The Metric of Judging an Apology

The Metric of Judging an Apology

Decades ago, a friend of mine joined a self help organization to get his life in order. He was at a crossroads and wasn’t feeling terribly successful on his journey on the road to self-sustained artistry and the siren song of the Guaranteed Steps to Successful Living sort of thing was too seductive for him to be able to reject. 

After a couple of weeks of seminars and groupthink meetings that always culminated in homework—time management exercises, solidified new routines to employ, daily prompts to encourage productivity—he called and asked if I was available for coffee. 

We met and he sat down. He became rather serious as he slowly intoned, “You owe me an apology.” 

”OK.” I said. “What’d I do?” 

He pulled a small tablet from his bag and read from it that, several years before, I had insulted him during an argument. 

”Uh. Alright. I don’t actually remember saying that but, if it makes you feel any better, I’m sorry if I did.” 

He closed the tablet. We drank coffee. We talked about the kind of stuff you talk about after an awkward exchange, which is to say anything and everything but the thing you just stepped in and out of. 

My grandfather once told me that anyone who demands an apology will never accept one. He added that those who deserve and are open to an apology rarely ask for one.

The question begged is what actual good is an apology given under duress?
"I'm waiting for an apology…" a friend texts.
"If you don't apologize, I'm going to out you on Facebook."

What good is an apology if it does not reflect an actual feeling of regret? It is simply an exercise of power. One person is dominant enough to make the other shoulder the responsibility for an argument or for something having gone wrong. The demand is often a set up for setting the terms of punishment for the offense.

A week later. A couple beers and shots. The tablet comes out. “You owe me an apology.”

”For what?” 

Another thing I said or did that caused hurt feelings or some sort of insult. Again, while I don’t remember doing or saying it, I apologize. 

A month of this routine. At least five apologies for slights I can’t recall. 

Finally. “You owe me an apol—” 

”Stop. OK. Here’s the thing. Open up your notebook and I want you to list everything—everything—you have you need an apology from me for doing, and I’m going to apologize for all of it this one last time. Perhaps I am exactly the massive piece of shit you see me as and, for that, I’ll apologize. Then no more because this is ridiculous.”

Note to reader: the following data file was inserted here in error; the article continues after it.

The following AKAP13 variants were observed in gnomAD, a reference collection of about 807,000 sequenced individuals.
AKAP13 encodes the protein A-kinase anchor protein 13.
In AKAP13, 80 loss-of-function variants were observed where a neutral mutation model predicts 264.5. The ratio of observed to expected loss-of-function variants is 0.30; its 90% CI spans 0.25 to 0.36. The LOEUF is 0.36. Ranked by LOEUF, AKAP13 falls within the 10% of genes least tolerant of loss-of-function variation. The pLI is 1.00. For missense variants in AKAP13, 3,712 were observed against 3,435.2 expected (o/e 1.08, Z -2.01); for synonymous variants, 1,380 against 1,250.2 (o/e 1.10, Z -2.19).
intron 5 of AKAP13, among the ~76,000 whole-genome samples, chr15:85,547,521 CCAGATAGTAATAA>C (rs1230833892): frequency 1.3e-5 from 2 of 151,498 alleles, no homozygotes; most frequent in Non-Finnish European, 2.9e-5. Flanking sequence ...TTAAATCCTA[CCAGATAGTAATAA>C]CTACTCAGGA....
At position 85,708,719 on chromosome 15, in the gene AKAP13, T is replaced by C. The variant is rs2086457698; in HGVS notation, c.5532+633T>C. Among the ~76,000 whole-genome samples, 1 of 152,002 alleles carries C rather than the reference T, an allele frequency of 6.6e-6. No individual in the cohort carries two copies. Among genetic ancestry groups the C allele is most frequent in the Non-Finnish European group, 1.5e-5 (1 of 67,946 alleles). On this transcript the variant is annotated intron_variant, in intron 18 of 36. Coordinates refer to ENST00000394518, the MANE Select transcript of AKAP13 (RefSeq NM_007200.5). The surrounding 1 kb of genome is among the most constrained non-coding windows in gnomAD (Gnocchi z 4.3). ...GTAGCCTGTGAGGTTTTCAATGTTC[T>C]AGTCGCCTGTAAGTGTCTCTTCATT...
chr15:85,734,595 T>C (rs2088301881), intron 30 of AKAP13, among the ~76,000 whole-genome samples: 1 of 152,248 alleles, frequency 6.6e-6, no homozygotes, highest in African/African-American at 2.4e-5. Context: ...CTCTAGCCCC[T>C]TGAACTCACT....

A study that appeared in Negotiation and Conflict Management Research discovered six components of a good apology. While not all apologies had to include all six in order to be effective, researchers found the more components there were, the more likely the apology would be successful:

  1. Expression of regret
  2. Explanation of what went wrong
  3. Acknowledgement of responsibility
  4. Declaration of repentance
  5. Offer of repair
  6. Request for forgiveness

If for some reason, you can't craft an apology with all six components, the researchers say, the most important element is to accept responsibility. Acknowledge that you made a mistake and make it clear that you’re at fault. And never apologize for someone else’s feelings—take full responsibility for your behavior. So rather than say, “I’m sorry if you were hurt by my words,” say, “I’m sorry I said hurtful things.”


What if you honestly don't remember the incident in question? If you accept responsibility for something you can't recall, is it a sincere and forthright apology? 

In an article about Title IX reforms (the Obama administration's attempt to reform the collegiate sexual harassment problems on campus) it is suggested that someone accused should “Admit to yourself that even if you don’t remember the event, or don’t believe yourself capable of hurting someone, that it’s possible that you may have crossed a boundary.”

If someone accuses you of killing someone—a capitol crime—and you have no recollection of doing so and there is no evidence to support the accusation, is the appropriate response "I don't remember the murder but it's possible I did it."? Or is that just a fucking lunatic suggestion? 

As this plays itself out, it becomes even more obvious that an apology has become an admission of guilt, first and foremost.

We don’t speak for a week. At least I don’t have to issue any more apologies. 


”I owe you an apology.” 

”For what—I mean, I’m happy that I don’t owe you another one but what’d you do?” 

”I was supposed to be offering apologies to people I’ve hurt. You know, instead of asking for apologies. I’m sorry.” 

I laughed. “How many other people have you been doing this too?” 

”Just you.” 

”Then you do owe me an apology, you jackass!” 

Here's what we know about the demand for an apology:

  • The human memory is not set in stone and is extremely pliable. Our memories of events are affected by time, distance, the retelling of stories, the media, our diet, our age. Someone waiting, for whatever reason, years to ask for an apology, likely has no true recollection of the incident that spurred on the demand.
  • The demand is not for what we traditionally have been taught—healing, closure, forgiveness. A demand for an apology is about power and assigning guilt and setting up for consequence for responsibility.
  • At this point, if you can't remember what you're accused of or don't think you did it, do not apologize. Even a hint of regret or the possibility of responsibility opens the floodgates of scorched Earth destruction so it's better to deny it than give an inch.
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